- Click here for "Michel de Certeau and the Place of the Artist," a brief paragraph by Rob Van Craenenburg, University of Ghent.
- Click here for some undocumented quotations from Certeau.
- Click here for the program for "Michel de Certeau Now," a 2002 conference.
- Click here for an electronic version of the General Introduction to The Practice of Everyday Life, by Michel de Certeau.
- Click here for "An Uncanny Thinker: Michel de Certeau" by Alex Demeulenaere.
- Click here for "Semiotic guerrilla tactics - Michel de Certeau."
- Click here for "The World of Michel Foucault."
- Click here for "Michel Foucault Resources."
- Click here for a page of links on Foucault.
- Click here for "Foucault, info."
- Click here for Foucault Resources at theory.org.uk.
- Click here for a page of links on Foucault at popcultures.com.
- Seminar presentations: Tanya Vukoja
- October 13
- Space, Regulation and Power 2
- Short essay due in class.
Click here for a topic sheet for the short essay.
- Please read Abbas (During 146-166) and Morris (During 391-409). (See also McRobbie on Benjamin, During 77-96.)
- Seminar presentations: Nobody, again.
- October 20
- The Linguistic Turn
- Please read Barker 88-121 and 315-345.
- Please read Hall (During 507-517).
- Seminar presentations: Perrin Lindelauf, Christian Pangilinan
- Click here for a Stuart Hall Index.
- Click here for Stuart Hall-o-Rama.
- Click here for a page on Stuart Hall from Marxist Media Theory by Daniel Chandler.
- Click here for a brief page of links on Stuart Hall.
- Click here for a profile of Stuart Hall.
- Click here for Cultural Studies Stuart Hall.
- Click here for "Revealed: How UK media fuelled race prejudice."
- October 27
- CLASS CANCELLED
- November 3
- Please read Barker 186-214.
- Please read Lyotard (During 142-145) and Butler (During 340-353).
- Seminar presentations: Lauren Sweeney, Kathryn Hepburn
- Short essays graded and returned.
- Click here for pages on Judith Butler at theory.org.uk.
- Click here for a Judith Butler bibliography.
- Click here for a more extensive Butler bibliography.
- Click here for an overview of Butler's Gender Trouble by Prof. Mary Klages, University of Colorado, Boulder.
- Click here for Judith Butler's homepage at UC Berkeley.
- Click here for an introduction to Judith Butler by Dino Felluga.
- November 10
- Please read Barker 219-245.
- Please read Bhabha (During 189-208) and Hall (During 97-109).
- Click here for a brief overview of Homi Bhabha's work.
- Click here for an introduction to Homi Bhabha's Presidential Lectures at Stanford University, by Glen Worthey.
- Click here for a brief biography of Bhabha.
- Click here for an excellent bibliography of Bhabha's work.
- Click here for a Harvard Gazette article on Bhabha.
- Click here for a few quotations from Bhabha's The Location of Culture.
- Click here for a 1995 interview with Bhabha by W.J.T. MItchell.
- Click here for "Miniaturizing Modernity: Shahzia Sikander in Conversation with Homi K. Bhabha."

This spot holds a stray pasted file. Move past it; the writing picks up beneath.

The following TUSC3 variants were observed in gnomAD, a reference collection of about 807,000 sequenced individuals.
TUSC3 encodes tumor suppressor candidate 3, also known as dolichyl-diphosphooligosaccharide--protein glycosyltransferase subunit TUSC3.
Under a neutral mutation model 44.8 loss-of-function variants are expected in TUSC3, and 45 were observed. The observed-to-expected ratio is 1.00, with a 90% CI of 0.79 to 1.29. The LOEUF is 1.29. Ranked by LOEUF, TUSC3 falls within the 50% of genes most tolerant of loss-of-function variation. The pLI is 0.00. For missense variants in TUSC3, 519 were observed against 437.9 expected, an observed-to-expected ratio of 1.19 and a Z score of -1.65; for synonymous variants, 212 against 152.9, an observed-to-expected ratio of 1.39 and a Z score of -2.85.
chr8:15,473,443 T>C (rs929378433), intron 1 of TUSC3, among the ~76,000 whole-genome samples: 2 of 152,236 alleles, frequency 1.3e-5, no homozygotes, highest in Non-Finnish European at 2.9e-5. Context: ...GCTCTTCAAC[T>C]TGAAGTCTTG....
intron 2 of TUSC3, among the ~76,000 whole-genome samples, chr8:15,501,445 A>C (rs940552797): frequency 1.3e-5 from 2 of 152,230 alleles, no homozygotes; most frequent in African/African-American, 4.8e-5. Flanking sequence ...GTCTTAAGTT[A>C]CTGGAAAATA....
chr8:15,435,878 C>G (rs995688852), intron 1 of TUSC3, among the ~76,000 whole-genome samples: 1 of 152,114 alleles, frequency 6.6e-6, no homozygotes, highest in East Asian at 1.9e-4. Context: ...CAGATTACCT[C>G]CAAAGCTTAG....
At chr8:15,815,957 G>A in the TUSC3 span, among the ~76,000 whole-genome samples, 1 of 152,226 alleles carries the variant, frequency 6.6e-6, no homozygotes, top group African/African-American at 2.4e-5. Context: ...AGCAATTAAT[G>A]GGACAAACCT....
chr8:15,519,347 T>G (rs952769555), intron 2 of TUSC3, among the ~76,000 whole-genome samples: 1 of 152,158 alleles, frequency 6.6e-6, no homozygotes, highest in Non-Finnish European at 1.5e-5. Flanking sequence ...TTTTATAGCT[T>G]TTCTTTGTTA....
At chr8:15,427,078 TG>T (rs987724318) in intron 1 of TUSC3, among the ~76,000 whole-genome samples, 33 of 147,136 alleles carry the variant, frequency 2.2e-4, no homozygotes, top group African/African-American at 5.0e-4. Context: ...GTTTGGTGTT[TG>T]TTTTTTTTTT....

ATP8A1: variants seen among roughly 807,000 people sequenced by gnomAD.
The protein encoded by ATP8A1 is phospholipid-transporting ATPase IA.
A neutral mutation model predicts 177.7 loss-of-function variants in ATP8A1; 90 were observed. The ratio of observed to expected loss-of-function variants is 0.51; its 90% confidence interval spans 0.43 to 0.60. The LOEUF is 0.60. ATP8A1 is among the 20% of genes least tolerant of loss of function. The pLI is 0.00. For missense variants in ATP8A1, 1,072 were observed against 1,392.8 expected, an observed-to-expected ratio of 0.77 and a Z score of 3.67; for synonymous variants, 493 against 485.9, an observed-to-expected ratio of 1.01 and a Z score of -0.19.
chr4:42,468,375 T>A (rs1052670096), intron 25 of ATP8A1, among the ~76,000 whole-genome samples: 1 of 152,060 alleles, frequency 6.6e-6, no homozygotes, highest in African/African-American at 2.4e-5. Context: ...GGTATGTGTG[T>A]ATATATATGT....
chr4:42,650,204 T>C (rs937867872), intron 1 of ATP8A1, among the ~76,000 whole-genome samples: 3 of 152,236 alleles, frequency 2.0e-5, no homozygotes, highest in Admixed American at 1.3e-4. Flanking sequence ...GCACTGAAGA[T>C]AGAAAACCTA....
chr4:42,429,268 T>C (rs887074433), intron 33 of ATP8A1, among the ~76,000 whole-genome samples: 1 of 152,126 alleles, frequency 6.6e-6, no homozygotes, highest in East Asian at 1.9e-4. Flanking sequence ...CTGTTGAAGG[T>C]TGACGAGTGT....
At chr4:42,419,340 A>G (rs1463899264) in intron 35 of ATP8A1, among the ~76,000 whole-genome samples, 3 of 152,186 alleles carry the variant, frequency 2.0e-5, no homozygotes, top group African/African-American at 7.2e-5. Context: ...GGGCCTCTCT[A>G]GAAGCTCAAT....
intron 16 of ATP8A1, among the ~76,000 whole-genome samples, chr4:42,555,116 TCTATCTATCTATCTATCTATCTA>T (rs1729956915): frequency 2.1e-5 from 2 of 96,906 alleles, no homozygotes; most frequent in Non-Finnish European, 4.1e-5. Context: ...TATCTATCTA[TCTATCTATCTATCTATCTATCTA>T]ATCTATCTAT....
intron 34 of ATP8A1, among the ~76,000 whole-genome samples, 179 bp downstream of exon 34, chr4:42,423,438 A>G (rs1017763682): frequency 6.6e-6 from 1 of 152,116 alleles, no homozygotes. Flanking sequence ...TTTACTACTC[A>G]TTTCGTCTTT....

- Seminar presentations: Steve Rosenblatt, Graham Preston
- November 17
- Race and Nation
- Please read Barker 247-277.
- Please read Spivak (During 169-188), Forgacs (During 209-219) and Appadurai (During 220-230).
- Seminar presentations: Sarvi Mirbagheri, Natalie Chow, Axelle D'Anglemont
- Click here for an overview of Gayatri Chkravorty Spivak's work.
- Click here for a brief explanation of Spivak's Presidential lectures at Stanford University.
- Click here for Spivak's faculty page at Columbia University.
- Click here for a useful page of links on Spivak's work.
- Click here for Spivak's letter to the New York Times, condemning their obituary of Jacques Derrida.
- Click here for an interview with Gayatri Spivak.
- Click here for a video of a Spivak lecture: "Gayatri Spivak: The Trajectory of the Subaltern in My Work."
- Click here for Resources on Antonio Gramsci.
- Click here for "Marxist Internet Archive: Antonio Gramsci."
- Click here for the theory.org.uk page on Gramsci.
- Click here for the Gramsci Links Archive.
- Click here for a page on Gramsci and pedagogy; there is some discussion of the "organic intellectual."
- Click here for the homepage of the International Gramsci Society.
- Click here for a page on Arjun Appadruai by Layla Al-Zubaidi.
- Click here for a review by Imre Szeman of Modernity at Large: Cultural Dimensions of Globalization by Arjun Appadurai.
- Click here for an interview with Appadurai.
- Click here for "New logics of violence" by ARJUN APPADURAI.
- November 24
- Going Queer
- Please read Barker 279-314.
- Please read de Lauretis (During 307-319), Sedgwick (During 320-339) and Berlant and Warner (During 354-368).
- Seminar presentations: Sarah Munro, Heidi Waechtler
- December 1
- Please read Barker 153-185.
- Please read Haraway (During 271-291) and Chow (During 462-476).
- Seminar presentations: Sean Starke, Rebecca Campbell
- Date and Location TBA
The Long Revolution
- Please read Williams, The Long Revolution
- Friday, December 17
- Major Paper due. Please submit your paper in the main English Department office (BuTo397) by no later than 4:30. Marked papers will be returned to you at my office (BuTo401) on the first day of classes in the winter term.
- Click here for a topic sheet for the major essay.